- The Washington Times - Sunday, November 22, 2009

Before the season began, the Washington Redskins and Dallas Cowboys were generally considered to be on a similar level.

Both teams made the playoffs twice from 2005 to 2007; the Redskins finished 8-8 last year, while the Cowboys were 9-7. Both teams had a coach on the hot seat. And both featured a starting quarterback without a playoff victory.

But as the division-leading Cowboys (6-3) welcome the last-place Redskins (3-6) to their gaudy new stadium Sunday, the teams seem as far apart as their records.

Washington had lost four in a row until shocking Denver at home last week while scoring more than 17 points for the first time all season. Dallas had won four in row until getting upset at Green Bay last week.

And despite its poor performance against the Packers, NFL Network analyst Brian Baldinger is a fan of what the Cowboys are doing.

“Even though Green Bay scored 17 points, one of those touchdowns came on a drive that started on the Dallas 3-yard line,” Baldinger said. “The secondary is playing great. The linebacking corps is upgraded. The defense is just better since [coach] Wade [Phillips] took over the [playcalling].

“Marion Barber, Tashard Choice and Felix Jones are a good trio of backs. Tony Romo is doing a good job of taking care of the ball for the most part. The line has played very well against some great blitzing defenses. There’s no T.O. coming back to the huddle complaining about not getting the ball. Miles Austin is just glad to be playing.”

Cowboys owner Jerry Jones and Redskins owner Dan Snyder are often considered of similar ilk. But Baldinger said Jones - a former Arkansas player - would never undercut a coach the way Snyder - who never played the game - did in relieving coach Jim Zorn of the playcalling duties after the Redskins were stunned by the visiting Chiefs in Week 6.

Snyder parted ways with his previous five coaches in less than eight years. Jones hired a new coach five times from 1994 to 2007.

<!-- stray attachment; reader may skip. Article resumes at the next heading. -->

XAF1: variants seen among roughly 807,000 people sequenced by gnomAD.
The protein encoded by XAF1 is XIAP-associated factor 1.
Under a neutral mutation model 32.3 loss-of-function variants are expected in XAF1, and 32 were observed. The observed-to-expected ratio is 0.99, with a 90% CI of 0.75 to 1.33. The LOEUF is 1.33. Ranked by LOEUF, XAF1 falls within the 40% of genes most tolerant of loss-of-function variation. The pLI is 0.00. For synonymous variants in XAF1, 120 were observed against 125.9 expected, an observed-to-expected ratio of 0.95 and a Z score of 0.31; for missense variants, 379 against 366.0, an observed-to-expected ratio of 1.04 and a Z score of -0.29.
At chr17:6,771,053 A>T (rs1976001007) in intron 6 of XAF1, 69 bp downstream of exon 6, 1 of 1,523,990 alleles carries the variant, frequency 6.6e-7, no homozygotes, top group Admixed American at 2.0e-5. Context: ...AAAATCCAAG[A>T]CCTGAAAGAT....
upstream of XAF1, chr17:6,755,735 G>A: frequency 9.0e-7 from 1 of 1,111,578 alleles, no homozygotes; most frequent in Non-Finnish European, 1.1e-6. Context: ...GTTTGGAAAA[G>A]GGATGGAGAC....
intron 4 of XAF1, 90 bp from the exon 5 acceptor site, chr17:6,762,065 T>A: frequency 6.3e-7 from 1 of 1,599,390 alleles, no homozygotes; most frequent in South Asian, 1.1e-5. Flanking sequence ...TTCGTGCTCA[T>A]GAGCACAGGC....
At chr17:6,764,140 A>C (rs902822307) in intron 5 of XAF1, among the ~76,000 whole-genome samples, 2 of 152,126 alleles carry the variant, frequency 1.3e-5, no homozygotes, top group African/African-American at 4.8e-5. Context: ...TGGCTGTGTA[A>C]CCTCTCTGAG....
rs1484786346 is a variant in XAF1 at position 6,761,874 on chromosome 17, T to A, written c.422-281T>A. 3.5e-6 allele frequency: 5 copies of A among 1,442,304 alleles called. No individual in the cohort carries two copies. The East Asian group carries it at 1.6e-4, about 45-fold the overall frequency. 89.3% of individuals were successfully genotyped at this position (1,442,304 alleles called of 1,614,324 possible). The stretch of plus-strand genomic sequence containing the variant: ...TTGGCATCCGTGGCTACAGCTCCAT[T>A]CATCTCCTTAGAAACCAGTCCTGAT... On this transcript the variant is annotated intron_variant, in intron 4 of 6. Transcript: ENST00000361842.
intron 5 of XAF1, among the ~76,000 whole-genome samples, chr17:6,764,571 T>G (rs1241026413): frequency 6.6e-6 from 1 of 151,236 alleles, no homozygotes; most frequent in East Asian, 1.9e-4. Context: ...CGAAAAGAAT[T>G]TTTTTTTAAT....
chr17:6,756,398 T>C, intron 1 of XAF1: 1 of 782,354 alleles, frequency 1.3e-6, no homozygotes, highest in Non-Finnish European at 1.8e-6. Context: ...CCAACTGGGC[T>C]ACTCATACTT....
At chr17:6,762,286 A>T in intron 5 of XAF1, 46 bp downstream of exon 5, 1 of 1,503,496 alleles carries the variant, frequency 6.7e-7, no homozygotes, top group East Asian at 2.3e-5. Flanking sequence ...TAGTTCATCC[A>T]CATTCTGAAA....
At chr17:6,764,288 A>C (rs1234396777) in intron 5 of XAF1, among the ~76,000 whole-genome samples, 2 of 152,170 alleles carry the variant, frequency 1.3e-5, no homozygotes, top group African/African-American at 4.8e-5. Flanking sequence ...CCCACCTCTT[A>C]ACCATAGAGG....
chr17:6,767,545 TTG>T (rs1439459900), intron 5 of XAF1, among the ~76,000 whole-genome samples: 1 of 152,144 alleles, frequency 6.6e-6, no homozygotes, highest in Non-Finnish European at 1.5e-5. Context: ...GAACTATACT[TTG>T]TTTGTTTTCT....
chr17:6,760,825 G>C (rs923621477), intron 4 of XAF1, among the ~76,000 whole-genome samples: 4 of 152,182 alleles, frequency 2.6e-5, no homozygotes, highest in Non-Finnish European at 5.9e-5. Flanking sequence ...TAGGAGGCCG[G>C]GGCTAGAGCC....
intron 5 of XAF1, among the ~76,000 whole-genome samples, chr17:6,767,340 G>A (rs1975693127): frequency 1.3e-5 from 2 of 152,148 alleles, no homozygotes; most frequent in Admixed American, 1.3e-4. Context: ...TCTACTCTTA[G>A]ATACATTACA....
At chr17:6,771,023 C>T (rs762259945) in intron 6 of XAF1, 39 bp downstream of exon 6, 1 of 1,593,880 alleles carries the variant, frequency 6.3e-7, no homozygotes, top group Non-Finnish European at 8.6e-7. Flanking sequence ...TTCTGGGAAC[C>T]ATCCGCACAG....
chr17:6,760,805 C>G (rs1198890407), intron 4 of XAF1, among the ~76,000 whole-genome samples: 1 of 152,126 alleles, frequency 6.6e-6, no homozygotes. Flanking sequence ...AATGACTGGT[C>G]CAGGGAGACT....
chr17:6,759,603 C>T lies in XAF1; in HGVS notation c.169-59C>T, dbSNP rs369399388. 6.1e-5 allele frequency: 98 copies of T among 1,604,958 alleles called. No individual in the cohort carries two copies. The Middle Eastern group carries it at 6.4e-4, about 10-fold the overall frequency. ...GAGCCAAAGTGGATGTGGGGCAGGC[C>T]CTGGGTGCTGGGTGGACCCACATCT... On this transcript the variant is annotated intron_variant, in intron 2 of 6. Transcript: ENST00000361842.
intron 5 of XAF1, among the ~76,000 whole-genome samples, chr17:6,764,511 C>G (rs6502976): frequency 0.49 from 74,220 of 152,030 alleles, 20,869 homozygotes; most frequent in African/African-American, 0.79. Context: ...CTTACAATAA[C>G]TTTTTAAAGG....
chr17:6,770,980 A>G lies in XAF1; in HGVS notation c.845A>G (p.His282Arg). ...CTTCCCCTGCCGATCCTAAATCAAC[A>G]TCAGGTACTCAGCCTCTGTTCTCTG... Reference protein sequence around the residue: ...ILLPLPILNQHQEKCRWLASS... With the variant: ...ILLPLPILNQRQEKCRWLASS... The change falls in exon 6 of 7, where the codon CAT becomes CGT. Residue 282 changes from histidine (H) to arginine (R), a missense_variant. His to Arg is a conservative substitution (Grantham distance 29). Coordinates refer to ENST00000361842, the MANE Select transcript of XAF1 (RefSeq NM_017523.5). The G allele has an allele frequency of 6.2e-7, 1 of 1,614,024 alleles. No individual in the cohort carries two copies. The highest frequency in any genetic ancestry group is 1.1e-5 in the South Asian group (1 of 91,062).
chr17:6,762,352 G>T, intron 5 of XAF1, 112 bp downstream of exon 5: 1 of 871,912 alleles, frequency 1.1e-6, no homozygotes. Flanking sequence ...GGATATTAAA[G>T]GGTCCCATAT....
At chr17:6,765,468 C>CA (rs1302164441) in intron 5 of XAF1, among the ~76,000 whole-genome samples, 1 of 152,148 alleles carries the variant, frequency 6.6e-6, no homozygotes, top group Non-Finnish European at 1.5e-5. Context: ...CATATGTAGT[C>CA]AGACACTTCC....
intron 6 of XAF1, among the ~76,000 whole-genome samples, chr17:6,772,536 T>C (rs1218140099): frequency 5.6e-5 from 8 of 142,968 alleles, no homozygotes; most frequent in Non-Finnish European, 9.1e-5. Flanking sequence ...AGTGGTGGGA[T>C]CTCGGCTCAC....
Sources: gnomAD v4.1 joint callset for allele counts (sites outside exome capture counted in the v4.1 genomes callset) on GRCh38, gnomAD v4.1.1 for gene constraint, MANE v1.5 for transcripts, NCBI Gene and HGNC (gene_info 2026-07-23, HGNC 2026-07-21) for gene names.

“Jerry will always take the heat when things don’t go well in Dallas,” Baldinger said. “Snyder doesn’t do that in Washington.”

The Cowboys also have built mostly through the draft. Of the remarkable 12 players on their roster who have been chosen for Pro Bowls while with Dallas, all but two haven’t played for another team. The Redskins have six players on their roster who’ve been to Pro Bowls with Washington. Three have played for other teams.

Even with aging longtime starting offensive linemen Chris Samuels and Randy Thomas out for the year, nine of Washington’s regulars are in their 30s. With offensive tackle Marc Colombo hurt, only six of Dallas’ starters are that old.

Redskins offensive linemen Levi Jones, Casey Rabach, Stephon Heyer (restricted), quarterback Jason Campbell, defensive end Phillip Daniels, linebacker Rocky McIntosh, cornerback Carlos Rogers, safety Reed Doughty, kicker Shaun Suisham and punter Hunter Smith are all headed toward free agency. Only three Cowboys starters are unsigned for 2010: Austin, defensive end Marcus Spears and safety Gerald Sensabaugh. Even kicker Nick Folk and punter Mat McBriar are under contract.

And while it would take a miraculous turnaround for Zorn to be back in 2010 given the Redskins’ struggles and their upcoming games with the contending Eagles, Saints, Giants and Chargers - and Dallas again - Phillips should return if the Cowboys get to 10 victories.

“You have to figure Zorn won’t be there next year,” Baldinger said. “The new coach will have to answer so many questions. Is Jason the quarterback? Is Clinton Portis through? Samuels and Thomas are probably done, and I don’t know how much Rabach has left. What kind of offense is it going to be? You might have to do what Kansas City did - blow the whole thing up and start over.”